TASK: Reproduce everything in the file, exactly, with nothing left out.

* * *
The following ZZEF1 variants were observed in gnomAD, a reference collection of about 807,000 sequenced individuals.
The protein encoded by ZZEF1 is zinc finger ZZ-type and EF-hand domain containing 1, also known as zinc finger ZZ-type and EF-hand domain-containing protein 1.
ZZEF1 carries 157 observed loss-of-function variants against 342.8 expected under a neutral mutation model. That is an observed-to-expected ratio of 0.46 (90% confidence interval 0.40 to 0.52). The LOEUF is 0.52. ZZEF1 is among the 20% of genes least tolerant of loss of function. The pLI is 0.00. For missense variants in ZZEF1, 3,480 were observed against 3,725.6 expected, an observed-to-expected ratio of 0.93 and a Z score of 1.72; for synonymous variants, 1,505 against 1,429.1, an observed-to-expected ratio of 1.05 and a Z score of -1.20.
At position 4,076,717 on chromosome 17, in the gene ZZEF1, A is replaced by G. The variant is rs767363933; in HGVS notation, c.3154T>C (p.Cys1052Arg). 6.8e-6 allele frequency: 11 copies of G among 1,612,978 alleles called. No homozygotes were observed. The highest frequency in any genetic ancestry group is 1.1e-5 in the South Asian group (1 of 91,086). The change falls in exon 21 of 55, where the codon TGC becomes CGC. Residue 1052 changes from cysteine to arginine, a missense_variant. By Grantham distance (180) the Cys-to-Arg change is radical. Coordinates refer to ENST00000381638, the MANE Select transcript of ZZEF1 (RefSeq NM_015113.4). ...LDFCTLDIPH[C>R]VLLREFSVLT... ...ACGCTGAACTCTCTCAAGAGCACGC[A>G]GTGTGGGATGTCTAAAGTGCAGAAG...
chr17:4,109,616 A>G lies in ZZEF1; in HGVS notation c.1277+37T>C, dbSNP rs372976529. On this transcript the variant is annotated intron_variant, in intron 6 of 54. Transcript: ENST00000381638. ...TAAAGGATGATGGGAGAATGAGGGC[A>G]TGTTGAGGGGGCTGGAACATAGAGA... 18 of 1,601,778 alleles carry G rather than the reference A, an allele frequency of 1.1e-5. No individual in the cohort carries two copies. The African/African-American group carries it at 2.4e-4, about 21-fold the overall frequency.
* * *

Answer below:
The following ZZEF1 variants were observed in gnomAD, a reference collection of about 807,000 sequenced individuals.
The protein encoded by ZZEF1 is zinc finger ZZ-type and EF-hand domain containing 1, also known as zinc finger ZZ-type and EF-hand domain-containing protein 1.
ZZEF1 carries 157 observed loss-of-function variants against 342.8 expected under a neutral mutation model. That is an observed-to-expected ratio of 0.46 (90% confidence interval 0.40 to 0.52). The LOEUF is 0.52. ZZEF1 is among the 20% of genes least tolerant of loss of function. The pLI is 0.00. For missense variants in ZZEF1, 3,480 were observed against 3,725.6 expected, an observed-to-expected ratio of 0.93 and a Z score of 1.72; for synonymous variants, 1,505 against 1,429.1, an observed-to-expected ratio of 1.05 and a Z score of -1.20.
At position 4,076,717 on chromosome 17, in the gene ZZEF1, A is replaced by G. The variant is rs767363933; in HGVS notation, c.3154T>C (p.Cys1052Arg). 6.8e-6 allele frequency: 11 copies of G among 1,612,978 alleles called. No homozygotes were observed. The highest frequency in any genetic ancestry group is 1.1e-5 in the South Asian group (1 of 91,086). The change falls in exon 21 of 55, where the codon TGC becomes CGC. Residue 1052 changes from cysteine to arginine, a missense_variant. By Grantham distance (180) the Cys-to-Arg change is radical. Coordinates refer to ENST00000381638, the MANE Select transcript of ZZEF1 (RefSeq NM_015113.4). ...LDFCTLDIPH[C>R]VLLREFSVLT... ...ACGCTGAACTCTCTCAAGAGCACGC[A>G]GTGTGGGATGTCTAAAGTGCAGAAG...
chr17:4,109,616 A>G lies in ZZEF1; in HGVS notation c.1277+37T>C, dbSNP rs372976529. On this transcript the variant is annotated intron_variant, in intron 6 of 54. Transcript: ENST00000381638. ...TAAAGGATGATGGGAGAATGAGGGC[A>G]TGTTGAGGGGGCTGGAACATAGAGA... 18 of 1,601,778 alleles carry G rather than the reference A, an allele frequency of 1.1e-5. No individual in the cohort carries two copies. The African/African-American group carries it at 2.4e-4, about 21-fold the overall frequency.